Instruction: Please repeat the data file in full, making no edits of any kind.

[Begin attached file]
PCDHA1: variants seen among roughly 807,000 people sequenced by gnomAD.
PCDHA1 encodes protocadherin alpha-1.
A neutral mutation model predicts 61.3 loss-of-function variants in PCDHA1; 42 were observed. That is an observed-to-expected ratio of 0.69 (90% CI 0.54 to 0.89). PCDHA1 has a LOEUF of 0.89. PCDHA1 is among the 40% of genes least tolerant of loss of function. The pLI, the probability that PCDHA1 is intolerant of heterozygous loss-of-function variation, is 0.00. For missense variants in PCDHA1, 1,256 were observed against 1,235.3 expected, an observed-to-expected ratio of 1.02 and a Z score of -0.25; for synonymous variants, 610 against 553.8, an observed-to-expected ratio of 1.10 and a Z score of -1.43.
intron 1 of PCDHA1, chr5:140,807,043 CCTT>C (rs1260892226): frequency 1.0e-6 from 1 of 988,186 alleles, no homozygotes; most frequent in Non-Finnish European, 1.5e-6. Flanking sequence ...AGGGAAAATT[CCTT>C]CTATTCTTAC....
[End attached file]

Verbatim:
PCDHA1: variants seen among roughly 807,000 people sequenced by gnomAD.
PCDHA1 encodes protocadherin alpha-1.
A neutral mutation model predicts 61.3 loss-of-function variants in PCDHA1; 42 were observed. That is an observed-to-expected ratio of 0.69 (90% CI 0.54 to 0.89). PCDHA1 has a LOEUF of 0.89. PCDHA1 is among the 40% of genes least tolerant of loss of function. The pLI, the probability that PCDHA1 is intolerant of heterozygous loss-of-function variation, is 0.00. For missense variants in PCDHA1, 1,256 were observed against 1,235.3 expected, an observed-to-expected ratio of 1.02 and a Z score of -0.25; for synonymous variants, 610 against 553.8, an observed-to-expected ratio of 1.10 and a Z score of -1.43.
intron 1 of PCDHA1, chr5:140,807,043 CCTT>C (rs1260892226): frequency 1.0e-6 from 1 of 988,186 alleles, no homozygotes; most frequent in Non-Finnish European, 1.5e-6. Flanking sequence ...AGGGAAAATT[CCTT>C]CTATTCTTAC....